Bart Schaneman: Home, Destiny, Vocation in The Silence Is the Noise

Bart Schaneman will read at Trident Bookseller and Cafe in Boulder on October 13.
Bart Schaneman will read at Trident Bookseller and Cafe in Boulder on October 13. Matthew Staver
Bart Schaneman is a Denver writer with a novel set in Nebraska, which is being published out of Boulder. So, yes: regional cred. But his new book, The Silence Is the Noise, addresses more universal themes. Sure, it uses the local hot-button issue of fracking as one of its through-stories, but this is really a book about coming home again — something that we all do, or want to do, or dread doing. Or, you know, all of the above.

We sat down with Schaneman ahead of the launch of The Silence Is the Noise at Trident Booksellers and Cafe in Boulder, which also served as the press that published the book. Schaneman says that if he had to describe the book in a nutshell, he’d use these three words: home, destiny, vocation. We talked about all three of those elements, as well as the wide, ever-changing world of publishing.

Westword: You're reading from your new book, The Silence Is the Noise, at Boulder's Trident Booksellers October 13. What do you look forward to most in presenting at Trident?

Schaneman: I love that bookstore. A while back I did a reading there with writer Noah Cicero and poet Ella Longpre, and the place was packed. Trident’s publisher, Nate Perkins, has built a strong following by showing good taste in the indie literature he sells and the authors he invites to read at the store. It’s Colorado’s Shakespeare and Co.

I’m also really excited to hear the other readers. Court Merrigan writes country noir about as well as anyone, and Mairead Case is a brilliant, incredible writer. I’m lucky to be sharing the bill with both of them.

The book is set in Nebraska; you grew up there, though you now live and write in Denver. How did your childhood in Nebraska inform this book? 

I know Nebraska better than anywhere else I’ve ever lived. I’m drawn to writing with a strong sense of place, and that’s what I try to achieve with all of my fiction. To create a world that’s believable, that shows the writer has an authoritative understanding of the flora and the fauna, the climate, and how it all shapes the characters in the story. That comes from my upbringing. When you’re raised on a farm, you learn that the weather and the weeds and the insects can have a large influence on the success or failure of your livelihood. It forces you to pay attention to the world you live in and how that world can affect your life.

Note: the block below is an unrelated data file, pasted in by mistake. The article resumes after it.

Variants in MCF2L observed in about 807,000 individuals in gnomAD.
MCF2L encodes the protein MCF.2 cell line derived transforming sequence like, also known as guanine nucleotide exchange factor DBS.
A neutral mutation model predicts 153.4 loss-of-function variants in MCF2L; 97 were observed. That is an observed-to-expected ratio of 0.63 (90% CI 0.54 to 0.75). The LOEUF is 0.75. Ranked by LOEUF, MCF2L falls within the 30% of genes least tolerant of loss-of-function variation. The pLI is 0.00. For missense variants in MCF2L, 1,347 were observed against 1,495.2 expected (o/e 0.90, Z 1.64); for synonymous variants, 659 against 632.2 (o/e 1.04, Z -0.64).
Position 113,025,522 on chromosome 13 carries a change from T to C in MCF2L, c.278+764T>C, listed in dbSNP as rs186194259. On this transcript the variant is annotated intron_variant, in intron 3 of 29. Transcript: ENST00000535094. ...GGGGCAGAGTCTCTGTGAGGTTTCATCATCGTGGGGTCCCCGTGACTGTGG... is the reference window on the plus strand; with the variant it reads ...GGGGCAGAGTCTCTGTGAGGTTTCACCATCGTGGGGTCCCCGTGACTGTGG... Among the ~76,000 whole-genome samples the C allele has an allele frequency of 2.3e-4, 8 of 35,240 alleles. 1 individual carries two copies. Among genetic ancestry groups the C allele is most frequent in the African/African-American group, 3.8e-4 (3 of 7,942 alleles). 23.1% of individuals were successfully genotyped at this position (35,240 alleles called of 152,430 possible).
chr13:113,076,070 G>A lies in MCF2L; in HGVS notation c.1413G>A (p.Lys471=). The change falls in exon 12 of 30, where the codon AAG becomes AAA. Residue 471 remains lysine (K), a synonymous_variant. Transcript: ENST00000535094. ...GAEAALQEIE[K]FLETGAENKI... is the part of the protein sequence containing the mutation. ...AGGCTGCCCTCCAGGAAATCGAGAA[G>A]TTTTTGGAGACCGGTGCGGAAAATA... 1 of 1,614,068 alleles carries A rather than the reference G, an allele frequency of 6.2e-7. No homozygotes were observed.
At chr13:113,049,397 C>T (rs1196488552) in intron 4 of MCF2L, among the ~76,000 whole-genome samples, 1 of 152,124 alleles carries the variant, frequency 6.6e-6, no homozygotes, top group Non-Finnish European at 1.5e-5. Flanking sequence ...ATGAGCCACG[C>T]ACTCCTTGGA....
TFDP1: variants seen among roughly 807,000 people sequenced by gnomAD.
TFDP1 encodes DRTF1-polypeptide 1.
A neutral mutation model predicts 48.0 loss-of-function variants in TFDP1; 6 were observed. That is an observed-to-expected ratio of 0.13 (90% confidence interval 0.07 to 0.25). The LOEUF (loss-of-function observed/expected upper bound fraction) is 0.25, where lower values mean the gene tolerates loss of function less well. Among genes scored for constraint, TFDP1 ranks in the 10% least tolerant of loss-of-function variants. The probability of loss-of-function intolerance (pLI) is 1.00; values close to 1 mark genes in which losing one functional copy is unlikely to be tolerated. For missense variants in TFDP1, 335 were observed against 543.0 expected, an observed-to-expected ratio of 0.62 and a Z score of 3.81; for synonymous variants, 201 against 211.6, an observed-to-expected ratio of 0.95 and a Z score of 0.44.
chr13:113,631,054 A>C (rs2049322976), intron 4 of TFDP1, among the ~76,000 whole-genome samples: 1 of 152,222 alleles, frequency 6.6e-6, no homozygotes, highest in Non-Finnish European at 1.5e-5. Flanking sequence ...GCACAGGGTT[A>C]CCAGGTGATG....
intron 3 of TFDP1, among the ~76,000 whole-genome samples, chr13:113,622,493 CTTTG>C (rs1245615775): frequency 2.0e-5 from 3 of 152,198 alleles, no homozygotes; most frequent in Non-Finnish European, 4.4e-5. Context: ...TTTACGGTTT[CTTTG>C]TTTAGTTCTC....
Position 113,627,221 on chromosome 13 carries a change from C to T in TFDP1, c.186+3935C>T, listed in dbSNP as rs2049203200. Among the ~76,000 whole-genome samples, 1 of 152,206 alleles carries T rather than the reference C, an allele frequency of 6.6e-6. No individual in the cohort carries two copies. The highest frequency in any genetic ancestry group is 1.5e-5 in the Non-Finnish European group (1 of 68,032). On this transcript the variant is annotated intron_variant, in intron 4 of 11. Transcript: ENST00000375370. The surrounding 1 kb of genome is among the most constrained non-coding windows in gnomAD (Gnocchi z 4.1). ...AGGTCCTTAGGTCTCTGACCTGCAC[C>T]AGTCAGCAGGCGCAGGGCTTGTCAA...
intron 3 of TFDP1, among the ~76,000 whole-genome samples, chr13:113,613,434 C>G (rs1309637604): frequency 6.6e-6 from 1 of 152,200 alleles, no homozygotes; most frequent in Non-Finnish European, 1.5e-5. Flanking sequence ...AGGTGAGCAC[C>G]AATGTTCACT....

The book is about fracking, but also about coming home again. How do those two themes intersect for you?

In the story, you have the main character, who has returned to his rural home town from living in cities and is trying to figure out how to feel about the place. At first he’s not sure he likes being back, but he also knows that place better than anywhere. He feels like even if he doesn’t exactly love it, it’s his. So then when you have an out-of-state company trying to dump its toxic waste in his community, he becomes protective and uses his role as a reporter to expose the bad actors. He’s not even sure he likes what he’s protecting, yet he feels compelled to defend it. It’s kind of like how I can make fun of my family, but you can’t.

So was combining the fracking element with the hometown theme a conscious decision of narrative, or something that happened naturally in the writing?

The journalism part of the plot came from notes I was given by the Denver writer and teacher Benjamin Whitmer. I took his advanced novel-writing class at the Lighthouse Writers Workshop here last year. I had written a story that was essentially just a young man who comes home and meets a girl who had also lived elsewhere, and they complain about where they live. He told me it needed a throughline, and I took his advice.

The way this book came to market is interesting: Trident isn't just hosting the reading; it's also the publisher. How did you come to publish the book with Trident, and how does that work?